In early January 2021, the UK AI council released an AI roadmap that outlined the need for a UK national AI strategy alongside potential direction that strategy can go in. The roadmap affirms the growing recognition by governments of the importance of facilitating the growth of AI and pleasingly held ethical considerations within the report also. Below are the top 16 recommendations alongside the thoughts of Nural Research.

The AI council is an independent committee that provides advice to the UK Government, as well as high-level leadership for the Artificial Intelligence (AI) ecosystem.

Check out the full report below

AI Roadmap
An independent report, carried out by the AI Council, providing recommendations to help the government’s strategic direction on AI.

Top 16 recommendations


Nural Research's Opinion

Below are three particular areas of note that have been drawn out from the report. This is by no means a complete review of the pros and cons of the report created and please get in touch if you would like to discuss further.


Ethical considerations
The importance of ethics when utilising AI systems is noticeably alluded to many times throughout the report and it is good to see these considerations at the highest level. The most powerful treatment comes in the discussion of the need to educate all young people on the inner methodology of AI. In doing so, it will create a generation of people "know what questions to ask, what risks to look out for, what ethical and societal implications might arise, and what kinds of opportunities AI might provide".

The key areas of ethical considerations include: the limitations of sampled datasets, datasets which misrepresent the world we want to live in (despite being accurate), human bias entered in modelling. It is imperative that follow on work has these areas at the forefront.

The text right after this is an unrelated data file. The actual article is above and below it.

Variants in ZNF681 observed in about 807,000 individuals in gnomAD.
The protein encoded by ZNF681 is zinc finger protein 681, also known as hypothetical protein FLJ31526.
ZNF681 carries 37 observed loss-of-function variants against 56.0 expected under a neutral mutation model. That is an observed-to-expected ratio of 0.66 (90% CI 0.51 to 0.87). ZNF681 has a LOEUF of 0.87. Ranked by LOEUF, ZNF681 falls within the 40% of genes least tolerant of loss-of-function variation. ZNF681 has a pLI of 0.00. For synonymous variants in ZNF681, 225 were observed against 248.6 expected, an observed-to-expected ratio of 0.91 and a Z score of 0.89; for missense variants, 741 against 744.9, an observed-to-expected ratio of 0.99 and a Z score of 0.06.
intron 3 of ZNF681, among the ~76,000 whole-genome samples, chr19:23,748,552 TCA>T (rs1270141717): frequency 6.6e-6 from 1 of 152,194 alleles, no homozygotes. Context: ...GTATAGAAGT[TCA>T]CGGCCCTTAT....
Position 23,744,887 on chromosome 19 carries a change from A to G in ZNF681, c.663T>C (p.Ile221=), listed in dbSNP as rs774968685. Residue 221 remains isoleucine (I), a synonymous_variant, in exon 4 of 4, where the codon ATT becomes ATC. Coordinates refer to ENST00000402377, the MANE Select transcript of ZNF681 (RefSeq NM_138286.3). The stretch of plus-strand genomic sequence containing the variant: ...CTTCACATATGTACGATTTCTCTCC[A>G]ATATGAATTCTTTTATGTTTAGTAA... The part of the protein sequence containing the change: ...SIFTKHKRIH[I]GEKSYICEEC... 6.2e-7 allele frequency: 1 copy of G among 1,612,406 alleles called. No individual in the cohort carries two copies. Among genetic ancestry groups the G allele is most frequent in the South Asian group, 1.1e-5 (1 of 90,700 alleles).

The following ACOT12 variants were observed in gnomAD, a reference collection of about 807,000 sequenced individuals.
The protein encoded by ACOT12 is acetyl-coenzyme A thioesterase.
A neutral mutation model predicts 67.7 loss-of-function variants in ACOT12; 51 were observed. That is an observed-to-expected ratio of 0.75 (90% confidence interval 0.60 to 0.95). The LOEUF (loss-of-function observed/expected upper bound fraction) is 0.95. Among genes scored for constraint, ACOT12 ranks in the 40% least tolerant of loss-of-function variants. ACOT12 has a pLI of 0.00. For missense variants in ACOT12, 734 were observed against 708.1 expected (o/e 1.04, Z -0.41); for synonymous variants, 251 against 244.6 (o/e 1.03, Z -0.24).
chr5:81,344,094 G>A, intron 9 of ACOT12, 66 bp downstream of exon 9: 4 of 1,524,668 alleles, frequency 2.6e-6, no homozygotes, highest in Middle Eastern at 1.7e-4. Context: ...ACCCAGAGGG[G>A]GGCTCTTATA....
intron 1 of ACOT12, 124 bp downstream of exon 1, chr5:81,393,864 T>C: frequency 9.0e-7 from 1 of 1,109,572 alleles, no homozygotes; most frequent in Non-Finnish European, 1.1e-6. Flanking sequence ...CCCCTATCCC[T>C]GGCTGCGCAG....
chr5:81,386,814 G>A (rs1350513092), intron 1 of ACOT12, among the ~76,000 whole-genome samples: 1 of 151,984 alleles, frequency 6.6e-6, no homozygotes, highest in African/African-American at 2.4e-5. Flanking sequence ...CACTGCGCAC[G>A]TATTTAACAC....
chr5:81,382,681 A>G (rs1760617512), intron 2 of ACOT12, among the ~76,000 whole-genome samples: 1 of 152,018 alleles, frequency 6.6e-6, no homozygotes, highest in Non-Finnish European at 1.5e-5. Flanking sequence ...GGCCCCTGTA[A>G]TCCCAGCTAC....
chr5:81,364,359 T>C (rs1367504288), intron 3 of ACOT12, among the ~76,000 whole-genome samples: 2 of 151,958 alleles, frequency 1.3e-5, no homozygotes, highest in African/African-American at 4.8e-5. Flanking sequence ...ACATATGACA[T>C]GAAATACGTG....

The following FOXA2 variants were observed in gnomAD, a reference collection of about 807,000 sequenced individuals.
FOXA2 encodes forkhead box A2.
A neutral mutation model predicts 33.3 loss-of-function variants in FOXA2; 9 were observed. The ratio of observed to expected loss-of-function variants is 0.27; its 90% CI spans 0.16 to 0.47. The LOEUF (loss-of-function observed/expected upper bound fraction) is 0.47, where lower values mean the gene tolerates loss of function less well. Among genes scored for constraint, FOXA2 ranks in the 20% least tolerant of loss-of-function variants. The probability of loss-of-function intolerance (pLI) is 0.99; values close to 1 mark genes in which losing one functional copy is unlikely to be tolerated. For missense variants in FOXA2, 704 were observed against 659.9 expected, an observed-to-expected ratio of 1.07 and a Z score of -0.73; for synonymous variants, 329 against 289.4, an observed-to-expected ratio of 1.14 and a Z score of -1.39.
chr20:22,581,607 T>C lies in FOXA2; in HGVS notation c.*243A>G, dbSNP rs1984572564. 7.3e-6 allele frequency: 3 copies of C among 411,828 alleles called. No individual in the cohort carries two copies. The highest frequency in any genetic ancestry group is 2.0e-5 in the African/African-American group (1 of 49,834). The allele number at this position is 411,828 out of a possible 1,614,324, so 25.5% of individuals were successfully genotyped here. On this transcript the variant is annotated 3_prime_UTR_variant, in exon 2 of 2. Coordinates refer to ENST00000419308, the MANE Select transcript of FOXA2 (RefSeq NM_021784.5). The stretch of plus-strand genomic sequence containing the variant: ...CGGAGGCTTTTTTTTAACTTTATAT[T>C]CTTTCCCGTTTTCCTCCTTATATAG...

Moonshot projects
The report also considers the huge potential for AI to tackle moonshot projects and even focused on the two areas of healthcare and climate change as specific example areas. Thus, the potential for AI to tackle long-term problems is becoming increasingly apparent.

A greater analysis of the lanscape necessary to cultivate these projects needs to be developed next. While it can be inferred that greater access to funding, education and awareness are key contributors, a review of the common themes found in successful projects that implemented AI would be invaluable. Throughout this review it must be remembered that the aim is not to successfully implement AI but to successfully solve the grand problem and thus we must not overstretch to fit AI to a problem it is not ideally equipped for.


Lack of tangible, measurable direction
Across the 16 recommendations and within the report, there is a lack of tangibility to the goals outlined. While many of the directions are clear and well thought through, there is a suitable amount of ambiguity over the measurement of the direction e.g. "Committing to achieving AI and data literacy for everyone". However, it may be argued that as this report was purely to guide UK national AI strategy as opposed to create it, it is not in the report's remit to concretely define measurements of success. In any case, these loose directions provide reasonable scope for misinterpreation and to miss the mark regarding the quality of implemnetation and so further work must build upon this.